& occasionally about other things, too...

Saturday, December 09, 2017

Shashi Kapoor

Shashi Kapoor in Utsav

Shashi Kapoor was one of the most underrated actors of his time. He was always restrained and preferred to underplay rather than go over the top in his performances, as most of his contemporaries did.

I want to talk about just two scenes where he held his own when pitted against actors who were considered superior.

The first is, of course, from Deewar (1975, director: Yash Chopra). In the scene which has become one of the five most memorable scenes in the history of Hindi cinema (Mera paas Ma hai),  Shashi Kapoor is subdued and calm as opposed to Amitabh Bachchan’s fire and brimstone persona.  In the 1970s, when Amitabh Bachchan was a colossus, Shashi Kapoor held his own in the scene and in the film.

The scene in Deewar was written for Vijay, the character Amitabh Bachchan enacts, and it showcased his versatility – the tall, imposing personality, his swanky, foreign car, his black shirt and grey suit, his hands in the jacket’s pockets, and the rich baritone with which he berates his younger brother Ravi for his obduracy and obstinacy in persisting with a principled way of life even though it has only ensured penury.

The audience loved the scene more because of the muted but emphatic manner in which Shashi Kapoor conveys his disappointment with his brother’s criminality through his expressive eyes, and modulating his soft voice. 

The other one is from Junoon (1979, director: Shyam Benegal). The film has Shashi Kapoor playing the character of Javed, a Pathan, who is an esteemed member of the local Muslim aristocracy in a small town in the then United Provinces, during the Great Indian Mutiny of 1857.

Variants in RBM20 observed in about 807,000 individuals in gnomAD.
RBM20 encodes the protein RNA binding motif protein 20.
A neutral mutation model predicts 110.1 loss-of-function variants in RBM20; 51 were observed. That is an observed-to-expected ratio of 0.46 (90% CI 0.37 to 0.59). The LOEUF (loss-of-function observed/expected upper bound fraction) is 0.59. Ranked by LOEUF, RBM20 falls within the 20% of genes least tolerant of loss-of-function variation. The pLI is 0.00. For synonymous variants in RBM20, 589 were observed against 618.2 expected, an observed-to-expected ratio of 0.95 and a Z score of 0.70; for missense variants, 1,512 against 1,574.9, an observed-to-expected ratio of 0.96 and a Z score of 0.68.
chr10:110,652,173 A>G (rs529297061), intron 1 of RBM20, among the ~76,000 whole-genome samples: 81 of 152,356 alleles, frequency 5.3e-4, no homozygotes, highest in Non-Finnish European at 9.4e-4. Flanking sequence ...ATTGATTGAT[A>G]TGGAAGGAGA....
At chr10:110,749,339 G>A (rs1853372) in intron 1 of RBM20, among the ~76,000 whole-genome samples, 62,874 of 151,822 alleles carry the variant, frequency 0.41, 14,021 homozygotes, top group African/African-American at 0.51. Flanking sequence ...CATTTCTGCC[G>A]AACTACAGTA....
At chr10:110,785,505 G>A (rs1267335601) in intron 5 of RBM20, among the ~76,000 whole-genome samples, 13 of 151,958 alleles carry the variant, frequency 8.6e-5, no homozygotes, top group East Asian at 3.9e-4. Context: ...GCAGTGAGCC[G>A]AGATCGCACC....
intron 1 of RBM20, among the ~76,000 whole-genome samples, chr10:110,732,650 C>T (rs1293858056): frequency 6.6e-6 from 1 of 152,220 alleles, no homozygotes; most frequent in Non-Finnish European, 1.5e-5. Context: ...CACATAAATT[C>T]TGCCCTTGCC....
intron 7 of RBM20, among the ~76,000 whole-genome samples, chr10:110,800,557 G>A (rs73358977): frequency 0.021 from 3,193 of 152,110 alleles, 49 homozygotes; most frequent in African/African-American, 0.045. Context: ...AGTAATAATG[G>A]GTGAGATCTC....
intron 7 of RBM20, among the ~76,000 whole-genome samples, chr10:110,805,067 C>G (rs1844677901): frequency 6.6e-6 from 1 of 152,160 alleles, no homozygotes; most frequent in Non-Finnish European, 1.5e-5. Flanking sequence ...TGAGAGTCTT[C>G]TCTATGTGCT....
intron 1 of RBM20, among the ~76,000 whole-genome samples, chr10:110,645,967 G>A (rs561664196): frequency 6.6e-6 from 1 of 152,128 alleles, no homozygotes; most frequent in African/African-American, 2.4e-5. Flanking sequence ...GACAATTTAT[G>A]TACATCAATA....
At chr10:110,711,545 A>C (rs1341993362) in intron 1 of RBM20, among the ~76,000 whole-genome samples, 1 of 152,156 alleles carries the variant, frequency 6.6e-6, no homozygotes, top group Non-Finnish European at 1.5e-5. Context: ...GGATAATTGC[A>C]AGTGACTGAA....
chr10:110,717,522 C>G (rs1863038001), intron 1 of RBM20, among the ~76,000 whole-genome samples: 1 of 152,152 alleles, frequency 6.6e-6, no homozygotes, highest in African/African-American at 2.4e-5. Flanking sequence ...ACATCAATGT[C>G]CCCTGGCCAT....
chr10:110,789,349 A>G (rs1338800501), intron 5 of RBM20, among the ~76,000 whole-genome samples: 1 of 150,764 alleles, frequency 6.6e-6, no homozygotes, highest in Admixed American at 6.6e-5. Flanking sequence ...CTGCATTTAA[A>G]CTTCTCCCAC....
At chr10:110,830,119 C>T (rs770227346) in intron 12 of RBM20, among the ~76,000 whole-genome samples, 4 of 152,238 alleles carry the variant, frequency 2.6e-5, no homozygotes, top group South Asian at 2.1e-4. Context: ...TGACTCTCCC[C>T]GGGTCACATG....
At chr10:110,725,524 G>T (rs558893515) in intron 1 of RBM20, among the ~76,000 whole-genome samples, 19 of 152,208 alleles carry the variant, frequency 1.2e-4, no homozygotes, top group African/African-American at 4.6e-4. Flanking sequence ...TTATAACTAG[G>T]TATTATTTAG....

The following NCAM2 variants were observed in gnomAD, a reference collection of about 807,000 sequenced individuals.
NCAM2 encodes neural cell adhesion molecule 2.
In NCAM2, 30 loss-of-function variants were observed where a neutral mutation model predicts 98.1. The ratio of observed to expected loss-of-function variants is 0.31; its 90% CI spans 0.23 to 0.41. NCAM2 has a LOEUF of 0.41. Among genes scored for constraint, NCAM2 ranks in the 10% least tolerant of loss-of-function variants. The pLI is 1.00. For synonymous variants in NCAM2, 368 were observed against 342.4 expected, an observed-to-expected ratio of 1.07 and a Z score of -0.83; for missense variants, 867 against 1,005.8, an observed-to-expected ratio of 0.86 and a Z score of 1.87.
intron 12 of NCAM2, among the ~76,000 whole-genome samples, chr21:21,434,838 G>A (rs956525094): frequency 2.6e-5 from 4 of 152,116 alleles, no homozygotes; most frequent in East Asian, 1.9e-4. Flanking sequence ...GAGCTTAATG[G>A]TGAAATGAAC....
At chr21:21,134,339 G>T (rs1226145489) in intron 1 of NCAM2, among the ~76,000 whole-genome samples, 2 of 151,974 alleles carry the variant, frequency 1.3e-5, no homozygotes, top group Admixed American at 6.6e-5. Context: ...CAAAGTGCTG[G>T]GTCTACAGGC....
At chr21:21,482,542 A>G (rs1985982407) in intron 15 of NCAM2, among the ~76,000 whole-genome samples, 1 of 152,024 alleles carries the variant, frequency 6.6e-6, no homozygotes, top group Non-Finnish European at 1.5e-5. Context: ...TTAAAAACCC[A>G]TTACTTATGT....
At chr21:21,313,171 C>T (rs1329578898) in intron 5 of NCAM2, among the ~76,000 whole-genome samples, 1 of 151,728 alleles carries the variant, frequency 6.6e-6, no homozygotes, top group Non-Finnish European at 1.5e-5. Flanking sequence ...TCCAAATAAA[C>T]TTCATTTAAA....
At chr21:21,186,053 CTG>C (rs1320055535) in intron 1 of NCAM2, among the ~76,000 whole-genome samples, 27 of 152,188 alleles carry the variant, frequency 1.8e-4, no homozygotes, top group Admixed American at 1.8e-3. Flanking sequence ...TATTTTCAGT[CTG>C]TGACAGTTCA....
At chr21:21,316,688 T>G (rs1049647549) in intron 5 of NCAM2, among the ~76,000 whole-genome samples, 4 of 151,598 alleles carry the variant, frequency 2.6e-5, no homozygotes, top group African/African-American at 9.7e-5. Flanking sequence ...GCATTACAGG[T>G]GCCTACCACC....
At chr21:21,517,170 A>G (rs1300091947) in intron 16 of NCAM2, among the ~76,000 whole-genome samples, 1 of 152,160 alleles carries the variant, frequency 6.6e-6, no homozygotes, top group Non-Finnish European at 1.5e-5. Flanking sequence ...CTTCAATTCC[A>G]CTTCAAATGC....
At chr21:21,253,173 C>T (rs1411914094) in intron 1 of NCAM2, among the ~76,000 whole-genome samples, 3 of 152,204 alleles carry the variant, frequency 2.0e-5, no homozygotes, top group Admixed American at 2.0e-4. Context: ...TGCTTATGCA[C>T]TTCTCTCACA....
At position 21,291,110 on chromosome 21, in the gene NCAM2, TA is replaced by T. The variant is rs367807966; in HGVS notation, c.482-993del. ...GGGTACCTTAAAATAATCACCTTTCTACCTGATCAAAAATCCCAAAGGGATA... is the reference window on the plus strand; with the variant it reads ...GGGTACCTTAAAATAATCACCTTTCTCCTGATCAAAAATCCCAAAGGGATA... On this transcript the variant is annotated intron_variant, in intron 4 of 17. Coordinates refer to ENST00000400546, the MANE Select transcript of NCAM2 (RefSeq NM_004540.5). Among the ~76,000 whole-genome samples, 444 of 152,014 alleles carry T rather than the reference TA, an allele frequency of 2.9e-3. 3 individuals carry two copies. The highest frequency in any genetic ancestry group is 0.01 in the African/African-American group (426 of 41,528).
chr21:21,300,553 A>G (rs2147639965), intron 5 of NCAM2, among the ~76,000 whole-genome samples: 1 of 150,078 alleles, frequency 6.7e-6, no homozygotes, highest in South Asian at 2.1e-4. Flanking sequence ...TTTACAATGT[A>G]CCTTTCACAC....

His younger brother Sarfaraz, played by Naseeruddin Shah, is the firebrand revolutionary who is part of the mutinous cavalry battling the English soldiers across the Indo-Gangetic plains.

Javed is besotted with a young English girl (Nafisa Ali, in her first film), and holds her family captive in his haveli, much to the annoyance of the younger brother, who berates him to join the armed struggle to overthrow the English forces. Shabana Azmi plays the neglected wife.

Shashi Kapoor and Naseeruddin Shah have two memorable scenes together. The first is at the beginning when Sarfaraz urges Javed to join him in the armed struggle, and Javed displays utter cynicism towards the cause as well as the people leading the rebellion.

(watch from 2.42)

The second scene is when Sarfaraz returns from the battle, wounded and bruised, and angrily pounces upon Javed’s pet pigeons and flinging them out from their pigeonholes. Javed just pulls him away wordlessly.

Shashi Kapoor shows the shocked disbelief and the despondency of the rebellion’s defeat in Delhi with his eyes, without uttering a word.

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